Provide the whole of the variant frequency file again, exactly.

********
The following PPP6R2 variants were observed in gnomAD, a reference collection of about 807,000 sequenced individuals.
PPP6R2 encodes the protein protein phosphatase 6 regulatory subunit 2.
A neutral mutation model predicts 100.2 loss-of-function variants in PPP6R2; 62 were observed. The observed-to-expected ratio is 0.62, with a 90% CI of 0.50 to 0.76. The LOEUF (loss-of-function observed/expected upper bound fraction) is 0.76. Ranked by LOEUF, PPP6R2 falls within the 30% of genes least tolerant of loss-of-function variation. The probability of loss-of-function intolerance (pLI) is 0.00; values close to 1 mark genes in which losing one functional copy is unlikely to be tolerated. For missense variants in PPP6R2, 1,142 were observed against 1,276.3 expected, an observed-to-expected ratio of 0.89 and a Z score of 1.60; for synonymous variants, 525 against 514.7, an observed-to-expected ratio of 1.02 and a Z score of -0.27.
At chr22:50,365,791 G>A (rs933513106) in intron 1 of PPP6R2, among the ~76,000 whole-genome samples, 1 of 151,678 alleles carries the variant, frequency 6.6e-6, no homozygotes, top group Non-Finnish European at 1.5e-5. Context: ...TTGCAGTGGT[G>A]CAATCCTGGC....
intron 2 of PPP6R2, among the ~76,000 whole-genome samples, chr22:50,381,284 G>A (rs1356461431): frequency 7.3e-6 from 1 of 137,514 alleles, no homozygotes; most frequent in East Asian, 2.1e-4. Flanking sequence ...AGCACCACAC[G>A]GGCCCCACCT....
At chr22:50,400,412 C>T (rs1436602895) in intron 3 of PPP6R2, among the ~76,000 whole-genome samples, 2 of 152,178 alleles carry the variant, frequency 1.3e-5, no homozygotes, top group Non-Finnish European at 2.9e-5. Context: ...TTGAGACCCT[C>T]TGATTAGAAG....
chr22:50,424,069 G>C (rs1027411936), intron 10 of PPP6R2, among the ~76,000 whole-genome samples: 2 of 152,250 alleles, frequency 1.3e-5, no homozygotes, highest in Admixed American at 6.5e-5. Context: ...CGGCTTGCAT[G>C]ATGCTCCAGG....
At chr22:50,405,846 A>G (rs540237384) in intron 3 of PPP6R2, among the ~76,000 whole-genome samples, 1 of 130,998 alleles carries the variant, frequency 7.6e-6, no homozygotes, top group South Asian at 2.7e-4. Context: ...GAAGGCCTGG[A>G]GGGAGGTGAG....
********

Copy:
The following PPP6R2 variants were observed in gnomAD, a reference collection of about 807,000 sequenced individuals.
PPP6R2 encodes the protein protein phosphatase 6 regulatory subunit 2.
A neutral mutation model predicts 100.2 loss-of-function variants in PPP6R2; 62 were observed. The observed-to-expected ratio is 0.62, with a 90% CI of 0.50 to 0.76. The LOEUF (loss-of-function observed/expected upper bound fraction) is 0.76. Ranked by LOEUF, PPP6R2 falls within the 30% of genes least tolerant of loss-of-function variation. The probability of loss-of-function intolerance (pLI) is 0.00; values close to 1 mark genes in which losing one functional copy is unlikely to be tolerated. For missense variants in PPP6R2, 1,142 were observed against 1,276.3 expected, an observed-to-expected ratio of 0.89 and a Z score of 1.60; for synonymous variants, 525 against 514.7, an observed-to-expected ratio of 1.02 and a Z score of -0.27.
At chr22:50,365,791 G>A (rs933513106) in intron 1 of PPP6R2, among the ~76,000 whole-genome samples, 1 of 151,678 alleles carries the variant, frequency 6.6e-6, no homozygotes, top group Non-Finnish European at 1.5e-5. Context: ...TTGCAGTGGT[G>A]CAATCCTGGC....
intron 2 of PPP6R2, among the ~76,000 whole-genome samples, chr22:50,381,284 G>A (rs1356461431): frequency 7.3e-6 from 1 of 137,514 alleles, no homozygotes; most frequent in East Asian, 2.1e-4. Flanking sequence ...AGCACCACAC[G>A]GGCCCCACCT....
At chr22:50,400,412 C>T (rs1436602895) in intron 3 of PPP6R2, among the ~76,000 whole-genome samples, 2 of 152,178 alleles carry the variant, frequency 1.3e-5, no homozygotes, top group Non-Finnish European at 2.9e-5. Context: ...TTGAGACCCT[C>T]TGATTAGAAG....
chr22:50,424,069 G>C (rs1027411936), intron 10 of PPP6R2, among the ~76,000 whole-genome samples: 2 of 152,250 alleles, frequency 1.3e-5, no homozygotes, highest in Admixed American at 6.5e-5. Context: ...CGGCTTGCAT[G>C]ATGCTCCAGG....
At chr22:50,405,846 A>G (rs540237384) in intron 3 of PPP6R2, among the ~76,000 whole-genome samples, 1 of 130,998 alleles carries the variant, frequency 7.6e-6, no homozygotes, top group South Asian at 2.7e-4. Context: ...GAAGGCCTGG[A>G]GGGAGGTGAG....